Boys do maths, girls do English: Tracing the origins of gender identity and impact in education.

O'Siochru, Cathal (2018) Boys do maths, girls do English: Tracing the origins of gender identity and impact in education. In: Psychology and the Study of Education: Critical Perspectives on Developing Theories. The Routledge Education Studies Series . Routledge, Oxon, UK, pp. 104-122. ISBN 978-1-138-23764-3

Full text not available from this repository. (Request a copy)
Official URL: https://www.routledge.com/Psychology-and-the-Study...

Abstract

In Chapter 7, Cathal Ó Siochrú critically evaluates the common belief that there are fundamental differences between the two genders in terms of abilities, personality and behaviour. As we will see later on in the chapter, these beliefs extend into the realm of education where there are different expectations directed at the two genders in terms of their likely behaviours and even those subjects at which they will excel. The impact of these assumptions on the men and women in our education system is real, but are differences themselves real? This chapter draws on key studies and reviews of the research on gender differences to show that our gender identity is a combination of biological and social factors, all of which have an impact both on our gender and our education. The impact of biological differences is evaluated, including evidence for the impact of hormonal differences and differences between the genders in terms of brain structures. The social element of gender identity is explored through key concepts including gender roles, social learning and gender schemas. The picture that emerges from this review of the research is an image of gender differences as more learned than innate. We see how our experiences in the education system and the expectations of our educators are a major factor in shaping and reinforcing these gender identities. We also see how the relationship between gender and education may well be reciprocal, with the beliefs of parents and teachers regarding gender leading to gender differences in educational performance and the emergence of ‘gendered’ subjects. Ultimately, this chapter aims to show that, despite a considerable amount of time and effort spent searching for gender differences, there are relatively few strong differences between the genders in either thought or behaviour. Furthermore, those differences that have been found appear to be learned through socialisation and the education system itself. This places an important responsibility on educators to better understand their role in this process.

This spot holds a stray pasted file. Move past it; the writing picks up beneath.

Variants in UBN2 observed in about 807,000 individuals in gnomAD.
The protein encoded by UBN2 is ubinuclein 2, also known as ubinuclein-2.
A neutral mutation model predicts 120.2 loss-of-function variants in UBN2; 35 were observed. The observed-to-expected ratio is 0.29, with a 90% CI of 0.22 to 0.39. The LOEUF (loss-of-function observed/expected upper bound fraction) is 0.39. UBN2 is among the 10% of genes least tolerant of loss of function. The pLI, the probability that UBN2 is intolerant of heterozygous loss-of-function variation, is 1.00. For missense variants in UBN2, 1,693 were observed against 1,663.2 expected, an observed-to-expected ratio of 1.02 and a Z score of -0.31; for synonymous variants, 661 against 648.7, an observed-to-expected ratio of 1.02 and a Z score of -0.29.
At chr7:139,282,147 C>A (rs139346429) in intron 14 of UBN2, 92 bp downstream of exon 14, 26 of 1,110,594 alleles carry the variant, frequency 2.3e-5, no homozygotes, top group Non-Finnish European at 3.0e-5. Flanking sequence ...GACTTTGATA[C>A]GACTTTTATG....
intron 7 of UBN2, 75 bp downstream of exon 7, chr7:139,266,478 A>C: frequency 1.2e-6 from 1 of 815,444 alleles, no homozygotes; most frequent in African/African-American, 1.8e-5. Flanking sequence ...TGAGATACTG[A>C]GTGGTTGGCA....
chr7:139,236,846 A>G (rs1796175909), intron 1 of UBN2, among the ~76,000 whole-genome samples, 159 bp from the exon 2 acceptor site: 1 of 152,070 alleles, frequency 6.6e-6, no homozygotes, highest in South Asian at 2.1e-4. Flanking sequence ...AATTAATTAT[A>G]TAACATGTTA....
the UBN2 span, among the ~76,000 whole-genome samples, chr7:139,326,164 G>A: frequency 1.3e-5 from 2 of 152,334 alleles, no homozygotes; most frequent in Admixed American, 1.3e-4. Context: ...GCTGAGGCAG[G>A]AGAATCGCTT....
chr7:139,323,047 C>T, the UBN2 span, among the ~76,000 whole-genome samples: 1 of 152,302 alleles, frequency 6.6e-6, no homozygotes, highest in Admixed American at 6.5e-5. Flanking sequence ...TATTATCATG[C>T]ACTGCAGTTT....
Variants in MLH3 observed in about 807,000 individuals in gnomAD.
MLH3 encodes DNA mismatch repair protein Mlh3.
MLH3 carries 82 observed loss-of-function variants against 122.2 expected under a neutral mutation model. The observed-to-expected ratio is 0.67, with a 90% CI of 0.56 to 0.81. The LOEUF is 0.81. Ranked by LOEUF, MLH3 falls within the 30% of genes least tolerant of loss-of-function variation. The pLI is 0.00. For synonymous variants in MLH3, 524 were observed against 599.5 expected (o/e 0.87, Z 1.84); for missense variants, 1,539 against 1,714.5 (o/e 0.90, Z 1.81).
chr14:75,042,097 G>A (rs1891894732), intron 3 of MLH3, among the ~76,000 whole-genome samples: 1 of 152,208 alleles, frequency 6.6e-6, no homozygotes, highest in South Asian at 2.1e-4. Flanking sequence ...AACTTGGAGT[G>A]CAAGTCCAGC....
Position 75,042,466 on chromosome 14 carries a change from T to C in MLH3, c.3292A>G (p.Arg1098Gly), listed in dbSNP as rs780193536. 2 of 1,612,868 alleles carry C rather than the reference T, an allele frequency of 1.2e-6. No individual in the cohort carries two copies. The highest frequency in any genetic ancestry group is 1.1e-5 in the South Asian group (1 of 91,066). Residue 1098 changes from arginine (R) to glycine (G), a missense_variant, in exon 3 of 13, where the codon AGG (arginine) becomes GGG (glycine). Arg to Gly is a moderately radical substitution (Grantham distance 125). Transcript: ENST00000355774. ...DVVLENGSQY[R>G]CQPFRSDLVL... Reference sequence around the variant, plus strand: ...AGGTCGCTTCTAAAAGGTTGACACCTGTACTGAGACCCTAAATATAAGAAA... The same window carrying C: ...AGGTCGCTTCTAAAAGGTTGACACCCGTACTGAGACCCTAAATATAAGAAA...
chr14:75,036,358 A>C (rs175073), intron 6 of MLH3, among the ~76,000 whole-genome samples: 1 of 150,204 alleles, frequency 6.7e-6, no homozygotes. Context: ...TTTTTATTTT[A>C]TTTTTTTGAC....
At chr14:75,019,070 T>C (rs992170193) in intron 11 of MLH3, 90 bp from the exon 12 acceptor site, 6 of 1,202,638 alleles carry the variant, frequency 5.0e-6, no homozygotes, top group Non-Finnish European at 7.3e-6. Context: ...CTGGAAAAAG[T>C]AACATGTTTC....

Item Type: Book Section
Keywords: psychology education gender identity
Faculty / Department: Faculty of Education > Education Studies
Depositing User: Cathal O'SIOCHRU
Date Deposited: 18 Apr 2018 15:44
Last Modified: 18 Apr 2018 15:44
URI: http://hira.hope.ac.uk/id/eprint/2450

Actions (login required)

View Item View Item